Anti-Mullerian hormone (AMH), also known as Mullerian inhibiting substance (MIS), is a hormone produced exclusively in the gonads. It was originally described in the context of sexual differentiation in the male fetus but has gained prominence now as a marker of ovarian reserve and fertility in females.
In a mini-review published in The Journal of Clinical Endocrinology and Metabolism, Roopa Kanakatti Shankar, M.D., pediatric endocrinologist at Children’s National Hospital and an associate professor of pediatrics at the George Washington University School of Medicine and Health Sciences, and co-authors offer an updated synopsis on AMH and its clinical utility in pediatric patients.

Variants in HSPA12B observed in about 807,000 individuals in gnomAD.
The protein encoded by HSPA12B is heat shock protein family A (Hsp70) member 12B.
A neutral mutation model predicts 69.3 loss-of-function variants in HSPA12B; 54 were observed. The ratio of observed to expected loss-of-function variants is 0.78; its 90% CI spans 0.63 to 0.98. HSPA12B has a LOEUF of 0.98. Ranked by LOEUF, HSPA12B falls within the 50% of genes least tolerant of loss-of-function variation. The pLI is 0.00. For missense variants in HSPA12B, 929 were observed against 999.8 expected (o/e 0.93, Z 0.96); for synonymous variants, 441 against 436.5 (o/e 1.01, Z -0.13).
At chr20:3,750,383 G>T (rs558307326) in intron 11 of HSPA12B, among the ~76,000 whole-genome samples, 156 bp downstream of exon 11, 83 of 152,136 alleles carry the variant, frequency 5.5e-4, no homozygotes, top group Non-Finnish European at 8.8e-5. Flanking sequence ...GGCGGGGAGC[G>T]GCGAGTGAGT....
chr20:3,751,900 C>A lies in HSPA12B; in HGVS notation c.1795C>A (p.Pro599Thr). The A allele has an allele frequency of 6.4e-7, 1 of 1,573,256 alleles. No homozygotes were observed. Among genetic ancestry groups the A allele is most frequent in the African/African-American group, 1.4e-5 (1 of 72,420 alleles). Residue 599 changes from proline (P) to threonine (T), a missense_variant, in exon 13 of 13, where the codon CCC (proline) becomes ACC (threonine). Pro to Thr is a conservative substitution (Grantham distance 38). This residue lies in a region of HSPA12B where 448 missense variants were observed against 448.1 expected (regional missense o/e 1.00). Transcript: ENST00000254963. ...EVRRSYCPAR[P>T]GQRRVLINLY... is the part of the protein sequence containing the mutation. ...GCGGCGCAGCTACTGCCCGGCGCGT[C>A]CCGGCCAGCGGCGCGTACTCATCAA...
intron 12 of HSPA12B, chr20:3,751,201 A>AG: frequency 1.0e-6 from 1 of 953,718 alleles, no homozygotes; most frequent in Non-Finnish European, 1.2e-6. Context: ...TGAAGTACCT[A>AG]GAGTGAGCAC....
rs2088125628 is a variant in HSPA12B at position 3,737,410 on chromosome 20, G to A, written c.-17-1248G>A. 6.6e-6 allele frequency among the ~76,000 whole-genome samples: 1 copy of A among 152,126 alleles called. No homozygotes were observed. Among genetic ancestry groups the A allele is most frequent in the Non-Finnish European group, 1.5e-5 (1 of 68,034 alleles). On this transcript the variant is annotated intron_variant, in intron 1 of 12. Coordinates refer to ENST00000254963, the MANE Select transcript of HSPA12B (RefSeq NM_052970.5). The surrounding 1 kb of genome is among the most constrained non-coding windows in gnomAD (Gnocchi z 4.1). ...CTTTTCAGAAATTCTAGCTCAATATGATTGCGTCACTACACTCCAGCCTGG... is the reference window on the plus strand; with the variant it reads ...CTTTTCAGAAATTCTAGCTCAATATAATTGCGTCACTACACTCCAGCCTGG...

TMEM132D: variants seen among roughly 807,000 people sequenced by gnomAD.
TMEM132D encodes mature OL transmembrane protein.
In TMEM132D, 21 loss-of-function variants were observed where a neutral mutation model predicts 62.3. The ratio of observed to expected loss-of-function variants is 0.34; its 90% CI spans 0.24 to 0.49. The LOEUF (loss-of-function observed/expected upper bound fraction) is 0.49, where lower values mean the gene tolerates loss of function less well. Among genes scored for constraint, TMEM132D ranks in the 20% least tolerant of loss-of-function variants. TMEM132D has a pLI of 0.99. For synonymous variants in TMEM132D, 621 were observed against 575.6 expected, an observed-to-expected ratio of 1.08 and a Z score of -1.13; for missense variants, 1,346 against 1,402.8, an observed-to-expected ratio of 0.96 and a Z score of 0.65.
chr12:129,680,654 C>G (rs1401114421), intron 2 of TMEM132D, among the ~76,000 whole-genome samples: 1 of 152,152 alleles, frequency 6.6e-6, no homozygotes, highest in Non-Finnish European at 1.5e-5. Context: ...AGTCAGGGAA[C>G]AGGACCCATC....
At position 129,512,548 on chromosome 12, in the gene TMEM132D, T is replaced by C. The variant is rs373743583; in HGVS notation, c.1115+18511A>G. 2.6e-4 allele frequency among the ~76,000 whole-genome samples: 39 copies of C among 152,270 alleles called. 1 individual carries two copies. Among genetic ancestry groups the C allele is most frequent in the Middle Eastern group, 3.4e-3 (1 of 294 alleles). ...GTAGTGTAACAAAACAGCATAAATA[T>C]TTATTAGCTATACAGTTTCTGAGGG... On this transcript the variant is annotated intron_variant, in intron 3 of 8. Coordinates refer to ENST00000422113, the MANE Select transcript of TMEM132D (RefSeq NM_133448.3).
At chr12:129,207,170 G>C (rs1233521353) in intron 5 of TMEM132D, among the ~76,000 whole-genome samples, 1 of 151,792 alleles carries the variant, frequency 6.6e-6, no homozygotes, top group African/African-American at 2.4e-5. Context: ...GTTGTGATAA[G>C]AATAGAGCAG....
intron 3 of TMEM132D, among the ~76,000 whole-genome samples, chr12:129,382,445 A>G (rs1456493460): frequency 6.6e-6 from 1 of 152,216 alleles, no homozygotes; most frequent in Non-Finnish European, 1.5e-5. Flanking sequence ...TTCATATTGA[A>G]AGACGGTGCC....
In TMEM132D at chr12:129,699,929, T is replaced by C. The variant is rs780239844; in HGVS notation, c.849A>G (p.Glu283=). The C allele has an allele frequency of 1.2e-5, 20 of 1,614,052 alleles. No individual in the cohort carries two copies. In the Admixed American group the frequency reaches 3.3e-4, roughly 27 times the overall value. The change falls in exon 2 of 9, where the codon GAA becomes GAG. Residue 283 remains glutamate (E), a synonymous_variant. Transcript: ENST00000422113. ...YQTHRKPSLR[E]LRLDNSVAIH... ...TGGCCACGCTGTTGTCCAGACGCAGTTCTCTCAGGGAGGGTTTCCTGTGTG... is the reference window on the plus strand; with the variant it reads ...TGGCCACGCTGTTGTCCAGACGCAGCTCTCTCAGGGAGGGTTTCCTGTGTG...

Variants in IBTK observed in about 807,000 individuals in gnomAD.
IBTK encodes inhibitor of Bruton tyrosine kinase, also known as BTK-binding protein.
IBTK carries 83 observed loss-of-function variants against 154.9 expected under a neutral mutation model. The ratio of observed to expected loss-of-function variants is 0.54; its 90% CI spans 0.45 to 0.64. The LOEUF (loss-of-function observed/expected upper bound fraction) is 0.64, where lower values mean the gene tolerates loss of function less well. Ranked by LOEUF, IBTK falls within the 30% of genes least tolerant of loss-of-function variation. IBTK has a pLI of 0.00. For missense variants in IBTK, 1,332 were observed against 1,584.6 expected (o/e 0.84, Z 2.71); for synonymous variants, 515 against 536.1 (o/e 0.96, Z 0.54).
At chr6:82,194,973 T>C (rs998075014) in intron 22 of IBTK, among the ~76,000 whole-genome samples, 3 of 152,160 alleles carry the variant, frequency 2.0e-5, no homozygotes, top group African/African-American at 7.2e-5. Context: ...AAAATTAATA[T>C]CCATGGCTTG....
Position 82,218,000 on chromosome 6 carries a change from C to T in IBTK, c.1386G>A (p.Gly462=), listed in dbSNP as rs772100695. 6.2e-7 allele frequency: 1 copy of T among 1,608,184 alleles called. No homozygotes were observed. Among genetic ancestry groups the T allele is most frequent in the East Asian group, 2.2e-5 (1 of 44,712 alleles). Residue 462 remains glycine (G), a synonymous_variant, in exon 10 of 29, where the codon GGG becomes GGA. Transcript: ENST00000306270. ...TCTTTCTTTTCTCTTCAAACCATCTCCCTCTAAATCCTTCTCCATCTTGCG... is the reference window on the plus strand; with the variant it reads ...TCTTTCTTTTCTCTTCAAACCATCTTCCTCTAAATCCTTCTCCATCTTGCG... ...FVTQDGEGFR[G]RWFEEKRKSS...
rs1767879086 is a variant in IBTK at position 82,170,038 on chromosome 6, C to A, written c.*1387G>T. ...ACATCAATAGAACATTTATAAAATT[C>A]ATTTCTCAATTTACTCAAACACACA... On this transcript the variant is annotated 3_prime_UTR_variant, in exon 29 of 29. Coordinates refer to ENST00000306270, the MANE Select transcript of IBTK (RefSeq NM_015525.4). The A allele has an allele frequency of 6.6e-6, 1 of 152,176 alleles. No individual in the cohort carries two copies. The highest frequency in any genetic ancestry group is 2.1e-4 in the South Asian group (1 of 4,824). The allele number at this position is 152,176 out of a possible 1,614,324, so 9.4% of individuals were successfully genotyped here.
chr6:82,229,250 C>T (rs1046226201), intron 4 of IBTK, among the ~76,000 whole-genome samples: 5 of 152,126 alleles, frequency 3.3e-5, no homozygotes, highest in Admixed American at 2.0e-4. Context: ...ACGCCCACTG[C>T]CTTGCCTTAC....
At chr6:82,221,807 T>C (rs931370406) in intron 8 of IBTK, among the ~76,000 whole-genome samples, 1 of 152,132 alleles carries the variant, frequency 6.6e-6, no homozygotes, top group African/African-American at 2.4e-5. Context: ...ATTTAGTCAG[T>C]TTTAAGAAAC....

The authors performed a systematic search for studies related to the physiology of AMH, normative data and clinical role in pediatrics. After reviewing 70 clinical studies and systematic reviews, they conclude that, “AMH has widespread clinical diagnostic utility in pediatrics but interpretation is often challenging and should be undertaken in the context of not only age and sex but also developmental and pubertal stage of the child.”
Read the full review in The Journal of Clinical Endocrinology and Metabolism.